CPMD scaling to millions of threads
Shedding Light on Lithium/Air Batteries Using Millions of Threads on the BG/Q Supercomputer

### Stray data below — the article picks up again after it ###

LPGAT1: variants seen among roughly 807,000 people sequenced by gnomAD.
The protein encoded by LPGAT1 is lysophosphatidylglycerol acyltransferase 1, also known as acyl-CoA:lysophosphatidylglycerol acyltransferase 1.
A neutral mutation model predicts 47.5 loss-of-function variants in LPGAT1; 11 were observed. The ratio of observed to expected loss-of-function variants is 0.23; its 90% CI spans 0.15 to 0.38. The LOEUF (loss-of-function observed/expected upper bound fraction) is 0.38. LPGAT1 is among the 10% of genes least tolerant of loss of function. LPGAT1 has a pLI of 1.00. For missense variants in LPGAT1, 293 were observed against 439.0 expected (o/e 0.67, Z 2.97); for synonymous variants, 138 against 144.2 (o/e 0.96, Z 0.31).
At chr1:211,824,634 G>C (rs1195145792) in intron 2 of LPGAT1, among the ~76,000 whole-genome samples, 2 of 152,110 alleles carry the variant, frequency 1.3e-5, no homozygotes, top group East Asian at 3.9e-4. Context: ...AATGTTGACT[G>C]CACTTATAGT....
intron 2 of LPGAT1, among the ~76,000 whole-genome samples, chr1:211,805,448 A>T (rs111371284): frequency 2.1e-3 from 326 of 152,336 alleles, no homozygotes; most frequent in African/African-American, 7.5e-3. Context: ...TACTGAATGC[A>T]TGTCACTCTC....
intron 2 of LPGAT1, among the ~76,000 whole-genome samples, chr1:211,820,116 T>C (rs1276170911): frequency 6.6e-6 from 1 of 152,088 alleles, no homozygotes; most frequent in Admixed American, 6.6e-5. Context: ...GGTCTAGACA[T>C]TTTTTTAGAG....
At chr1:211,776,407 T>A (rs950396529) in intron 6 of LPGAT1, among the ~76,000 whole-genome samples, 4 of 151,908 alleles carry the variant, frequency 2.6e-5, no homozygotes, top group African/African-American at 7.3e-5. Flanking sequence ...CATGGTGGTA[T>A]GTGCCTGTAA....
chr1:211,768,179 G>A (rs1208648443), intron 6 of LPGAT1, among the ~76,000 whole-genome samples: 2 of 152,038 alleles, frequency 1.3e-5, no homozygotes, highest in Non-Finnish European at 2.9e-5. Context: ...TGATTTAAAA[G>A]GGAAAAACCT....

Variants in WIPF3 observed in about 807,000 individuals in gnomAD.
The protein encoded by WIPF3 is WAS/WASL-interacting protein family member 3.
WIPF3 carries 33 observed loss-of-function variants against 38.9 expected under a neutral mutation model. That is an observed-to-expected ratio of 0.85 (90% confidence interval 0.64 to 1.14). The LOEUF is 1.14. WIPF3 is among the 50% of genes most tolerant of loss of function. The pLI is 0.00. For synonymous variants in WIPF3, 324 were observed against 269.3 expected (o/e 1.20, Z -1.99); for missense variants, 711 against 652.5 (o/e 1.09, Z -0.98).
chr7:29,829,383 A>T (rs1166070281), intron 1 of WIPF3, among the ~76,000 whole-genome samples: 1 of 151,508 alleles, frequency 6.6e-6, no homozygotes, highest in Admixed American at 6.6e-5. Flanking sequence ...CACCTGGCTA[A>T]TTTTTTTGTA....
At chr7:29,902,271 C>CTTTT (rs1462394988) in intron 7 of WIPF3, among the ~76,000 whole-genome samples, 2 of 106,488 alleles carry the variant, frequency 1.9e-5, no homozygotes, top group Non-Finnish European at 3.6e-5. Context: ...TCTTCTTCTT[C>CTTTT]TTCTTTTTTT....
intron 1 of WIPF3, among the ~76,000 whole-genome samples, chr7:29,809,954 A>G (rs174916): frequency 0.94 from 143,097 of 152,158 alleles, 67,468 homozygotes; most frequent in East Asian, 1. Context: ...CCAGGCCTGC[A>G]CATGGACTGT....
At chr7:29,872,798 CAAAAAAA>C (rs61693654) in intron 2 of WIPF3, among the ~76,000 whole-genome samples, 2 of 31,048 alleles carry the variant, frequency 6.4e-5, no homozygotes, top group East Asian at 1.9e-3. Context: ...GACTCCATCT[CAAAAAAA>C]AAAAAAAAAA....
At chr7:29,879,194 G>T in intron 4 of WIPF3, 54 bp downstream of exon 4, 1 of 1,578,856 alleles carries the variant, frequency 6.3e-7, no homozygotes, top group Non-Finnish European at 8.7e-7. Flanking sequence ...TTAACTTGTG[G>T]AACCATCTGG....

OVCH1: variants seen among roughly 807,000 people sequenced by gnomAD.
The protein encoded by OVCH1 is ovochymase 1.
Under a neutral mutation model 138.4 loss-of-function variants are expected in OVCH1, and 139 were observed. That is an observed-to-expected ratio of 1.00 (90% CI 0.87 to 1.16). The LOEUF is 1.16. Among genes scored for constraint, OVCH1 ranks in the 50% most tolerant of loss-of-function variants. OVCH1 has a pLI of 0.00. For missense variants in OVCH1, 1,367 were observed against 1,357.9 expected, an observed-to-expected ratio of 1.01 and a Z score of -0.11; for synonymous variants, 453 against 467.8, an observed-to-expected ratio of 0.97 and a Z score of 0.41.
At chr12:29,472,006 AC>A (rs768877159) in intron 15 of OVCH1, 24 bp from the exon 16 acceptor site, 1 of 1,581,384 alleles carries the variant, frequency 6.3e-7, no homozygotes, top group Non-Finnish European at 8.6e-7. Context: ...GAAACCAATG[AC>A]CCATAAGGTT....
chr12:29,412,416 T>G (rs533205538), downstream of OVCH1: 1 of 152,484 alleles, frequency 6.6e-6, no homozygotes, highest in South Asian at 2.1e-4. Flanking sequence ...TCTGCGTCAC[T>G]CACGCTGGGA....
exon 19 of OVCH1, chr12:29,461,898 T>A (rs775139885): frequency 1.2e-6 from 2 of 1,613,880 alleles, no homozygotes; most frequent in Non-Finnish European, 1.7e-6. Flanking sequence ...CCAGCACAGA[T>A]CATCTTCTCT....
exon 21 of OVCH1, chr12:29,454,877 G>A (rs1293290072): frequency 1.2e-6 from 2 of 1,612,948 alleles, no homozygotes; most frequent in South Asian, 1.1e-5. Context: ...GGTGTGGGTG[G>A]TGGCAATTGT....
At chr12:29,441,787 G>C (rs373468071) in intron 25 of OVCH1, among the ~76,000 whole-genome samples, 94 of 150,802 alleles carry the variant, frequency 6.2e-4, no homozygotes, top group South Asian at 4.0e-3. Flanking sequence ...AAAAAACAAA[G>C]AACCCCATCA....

In this work, we present a novel parallelization scheme for a highly efficient evaluation of the Hartree–Fock exact exchange (HFX) in ab initio molecular dynamics simula- tions, specifically tailored for condensed phase simulations. Our developments allow one to achieve the necessary accuracy for the evaluation of the HFX in a highly controllable manner. We show here that our solutions can take great advantage of the latest trends in HPC platforms, such as extreme threading, short vector instructions and highly dimensional interconnection networks. Indeed, all these trends are evident in the IBM Blue Gene/Q supercomputer. We demonstrate an unprecedented scalability up to 6,291,456 threads (96 BG/Q racks) with a near perfect parallel efficiency, which represents a more than 20-fold improvement as compared to the current state of the art. In terms of reduction of time to solution, we achieved an improvement that can surpass a 10-fold decrease in runtime with respect to directly comparable approaches. We exploit this development to enhance the accuracy of DFT based molecular dynamics by using the PBE0 hybrid functional. This approach allowed us to investigate the chemical behavior of organic solvents in one of the most challenging research topics in energy storage, lithium/air batteries, and to propose alternative solvents with enhanced stability to ensure an appropriate reversible electrochemical reaction. This step is key for the development of a viable lithium/air storage technology, which would have been a daunting computational task using standard methods. Recent research has shown that the electrolyte plays a key role in non-aqueous lithium/air batteries in producing the appropriate reversible electrochemical reduction. In particu- lar, the chemical degradation of propylene carbonate, the typical electrolyte used, by lithium peroxide has been demonstrated by molecular dynamics simulations of highly realistic models. Reaching the necessary high accuracy in these simulations is a daunting computational task using standard methods.